Architectural Stationery Vignettes (via Kottke)

Fan video for Jonathan Coulton's "Down Today" made from public domain ballooning footage

Craig sez, "This is a music video I've edited for the song 'Down Today' by Jonathan Coulton (from his 2011 album, 'Artificial Heart,' produced by John Flansburgh of They Might Be Giants) using footage from public domain films mostly found on Archive.org. 'No! No! A Thousand Times No!! - a 1935 Fleischer Studio animated short film, starring Betty Boop, 'Voyage à Travers l'Impossible' (The Impossible Voyage) (1904) directed by Georges Méliès, 'Le Voyage Dans la Lune' (A Trip to the Moon) (1902) directed by Georges Méliès, 'Le Dirigeable Fantastique ou le Cauchemar d'un Inventeur' (The Inventor Crazybrains and his Wonderful Airship) (1905) directed by Georges Méliès, L.T.A. History of Balloons (1944). More music videos I've edited for songs from Jonathan Coulton's excellent 'Artificial Heart' album. Stream or buy the album 'Artificial Heart' at Jonathan Coulton's website.

Jonathan Coulton - "Down Today" unofficial music video (Thanks, Craig!)

Trove of free, public domain HD video

Rick Prelinger sez,

I'm delighted to let everyone know about our newest Internet Archive collection which, for want of a cooler title, we're calling 35mm Stock Footage. Digitized from 35mm original negatives and release prints dating back to the first decade of the 20th century, these unedited sequences were shot for feature films but never used. Studio librarians saved them for use in future productions, and now you can download and use them yourself in a variety of formats, including 720p HD, absolutely free. As far as I know, this is Internet Archive's first all-HD collection.

In the first wave of materials: a trip across the George Washington Bridge in the late 1940s, a snake slithering on rainy ground, aerials of Hollywood studios, 1940s Southern California hotrodders, stunt flying, miniature airplanes crashing, the Staten Island Ferry in the 1930s, and much more. Much of the footage is "process plates" -- film shot for the rear-projection screens you see out of car, taxi and train windows in old movies.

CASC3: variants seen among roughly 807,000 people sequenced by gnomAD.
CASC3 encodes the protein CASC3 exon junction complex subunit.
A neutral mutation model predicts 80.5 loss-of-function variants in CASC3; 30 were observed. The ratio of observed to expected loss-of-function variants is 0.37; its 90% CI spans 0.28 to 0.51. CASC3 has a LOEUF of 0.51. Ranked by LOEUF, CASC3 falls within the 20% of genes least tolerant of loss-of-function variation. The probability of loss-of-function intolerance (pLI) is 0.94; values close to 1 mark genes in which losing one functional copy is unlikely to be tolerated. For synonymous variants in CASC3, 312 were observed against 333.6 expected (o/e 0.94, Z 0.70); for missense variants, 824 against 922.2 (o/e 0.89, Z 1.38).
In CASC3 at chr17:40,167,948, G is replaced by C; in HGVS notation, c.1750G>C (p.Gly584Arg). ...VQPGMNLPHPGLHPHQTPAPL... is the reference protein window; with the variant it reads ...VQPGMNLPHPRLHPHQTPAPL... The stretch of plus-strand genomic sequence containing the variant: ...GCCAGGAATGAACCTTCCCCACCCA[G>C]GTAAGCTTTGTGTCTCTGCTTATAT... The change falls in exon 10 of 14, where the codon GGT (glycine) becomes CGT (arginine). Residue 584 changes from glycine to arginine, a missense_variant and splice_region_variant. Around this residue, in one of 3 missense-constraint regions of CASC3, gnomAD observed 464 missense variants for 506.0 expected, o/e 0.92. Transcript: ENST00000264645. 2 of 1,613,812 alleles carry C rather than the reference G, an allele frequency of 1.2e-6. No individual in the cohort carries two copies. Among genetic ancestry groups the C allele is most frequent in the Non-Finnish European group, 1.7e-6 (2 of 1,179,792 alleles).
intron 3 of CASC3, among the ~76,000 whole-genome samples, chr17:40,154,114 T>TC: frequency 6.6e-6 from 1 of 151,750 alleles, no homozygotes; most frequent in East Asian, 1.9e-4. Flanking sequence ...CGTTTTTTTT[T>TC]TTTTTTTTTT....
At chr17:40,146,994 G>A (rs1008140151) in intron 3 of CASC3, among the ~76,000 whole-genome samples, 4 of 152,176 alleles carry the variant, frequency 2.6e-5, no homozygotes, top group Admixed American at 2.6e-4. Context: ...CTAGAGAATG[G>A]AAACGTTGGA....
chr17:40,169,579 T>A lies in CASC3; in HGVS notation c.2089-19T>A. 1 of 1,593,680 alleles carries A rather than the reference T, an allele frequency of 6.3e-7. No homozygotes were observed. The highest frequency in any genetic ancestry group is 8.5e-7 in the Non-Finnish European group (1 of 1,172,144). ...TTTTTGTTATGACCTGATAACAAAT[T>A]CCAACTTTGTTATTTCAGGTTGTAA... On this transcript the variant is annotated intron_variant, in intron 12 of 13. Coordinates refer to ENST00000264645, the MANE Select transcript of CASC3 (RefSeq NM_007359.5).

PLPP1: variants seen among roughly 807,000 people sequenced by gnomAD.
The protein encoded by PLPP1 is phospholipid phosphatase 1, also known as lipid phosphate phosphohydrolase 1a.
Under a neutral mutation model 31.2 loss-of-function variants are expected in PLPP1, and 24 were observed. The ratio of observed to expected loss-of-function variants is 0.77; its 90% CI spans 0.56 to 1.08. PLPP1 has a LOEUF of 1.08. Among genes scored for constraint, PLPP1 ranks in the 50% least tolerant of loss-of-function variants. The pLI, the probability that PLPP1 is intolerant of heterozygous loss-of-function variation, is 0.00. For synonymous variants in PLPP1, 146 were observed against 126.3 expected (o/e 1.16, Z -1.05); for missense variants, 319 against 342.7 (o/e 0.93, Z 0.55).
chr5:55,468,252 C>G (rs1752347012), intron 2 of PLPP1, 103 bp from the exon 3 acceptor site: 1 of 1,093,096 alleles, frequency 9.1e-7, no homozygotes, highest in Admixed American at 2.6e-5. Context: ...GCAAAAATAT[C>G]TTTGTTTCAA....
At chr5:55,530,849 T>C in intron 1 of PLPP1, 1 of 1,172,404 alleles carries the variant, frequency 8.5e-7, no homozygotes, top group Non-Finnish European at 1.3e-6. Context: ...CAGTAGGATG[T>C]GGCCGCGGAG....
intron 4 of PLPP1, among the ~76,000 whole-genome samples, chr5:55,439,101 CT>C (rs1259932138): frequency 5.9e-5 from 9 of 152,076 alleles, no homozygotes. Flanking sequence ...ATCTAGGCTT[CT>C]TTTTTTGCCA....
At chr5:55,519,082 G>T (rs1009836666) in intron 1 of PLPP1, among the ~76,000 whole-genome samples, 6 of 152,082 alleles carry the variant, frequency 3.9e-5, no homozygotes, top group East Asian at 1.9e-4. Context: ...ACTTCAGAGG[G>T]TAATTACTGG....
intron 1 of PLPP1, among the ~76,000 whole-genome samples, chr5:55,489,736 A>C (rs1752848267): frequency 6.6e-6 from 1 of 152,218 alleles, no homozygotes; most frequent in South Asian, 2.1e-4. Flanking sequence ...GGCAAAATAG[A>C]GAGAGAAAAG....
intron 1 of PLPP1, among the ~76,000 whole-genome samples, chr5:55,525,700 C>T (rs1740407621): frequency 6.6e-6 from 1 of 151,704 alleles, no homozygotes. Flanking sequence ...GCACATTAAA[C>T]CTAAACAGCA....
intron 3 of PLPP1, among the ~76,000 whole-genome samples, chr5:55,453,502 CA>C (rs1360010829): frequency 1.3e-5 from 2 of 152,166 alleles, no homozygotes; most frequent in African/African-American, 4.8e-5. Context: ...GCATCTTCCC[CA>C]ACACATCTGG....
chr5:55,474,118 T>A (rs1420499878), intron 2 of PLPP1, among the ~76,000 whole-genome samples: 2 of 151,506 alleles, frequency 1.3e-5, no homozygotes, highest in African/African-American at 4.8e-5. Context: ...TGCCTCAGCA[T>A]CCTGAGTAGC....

We've also digitized HD versions of newsreels and short subjects from the 1920s and 1930s, and there are even French "primitive-era" silent films dating back as far as 1905. Please get lost in this collection, make your own movies with it (please upload them to Internet Archive if you can!), and keep watching for more.

Welcome to 35mm Stock Footage

Paul Brownstein Productions claims YouTube ownership of US government movie, could have Public Resource's YouTube account killed

Rogue archivist Carl Malamud sez,

Cory Doctorow wrote in the Guardian about our copyright problems on YouTube with FedFlix, a channel of U.S. government videos. On January 4, we protested one of the ContentID matches on a 1974 film called Pathfinder, which was paid for and produced by the Fish and Wildlife Service. A Hollywood shop called Paul Brownstein Productions had been monetizing the video by forcing ads in front of each viewing. After we protested, Paul Browstein Productions got nasty and forced removal of the video and gave us a so called Copyright Strike on our account. If we get 3 strikes, our account is cancelled.

It seems wrong for some individual to monetize and then remove a video produced by the U.S. government. Even worse, it seems really wrong for that individual to try me and convict me in abstentia with no due process or indeed without even an explanation. If SOPA passes, this is exactly the kind of arbitrary enforcement we're going to see. I think this is wrong and I hate seeing these poachers claiming the public domain, so I uploaded the video twice more.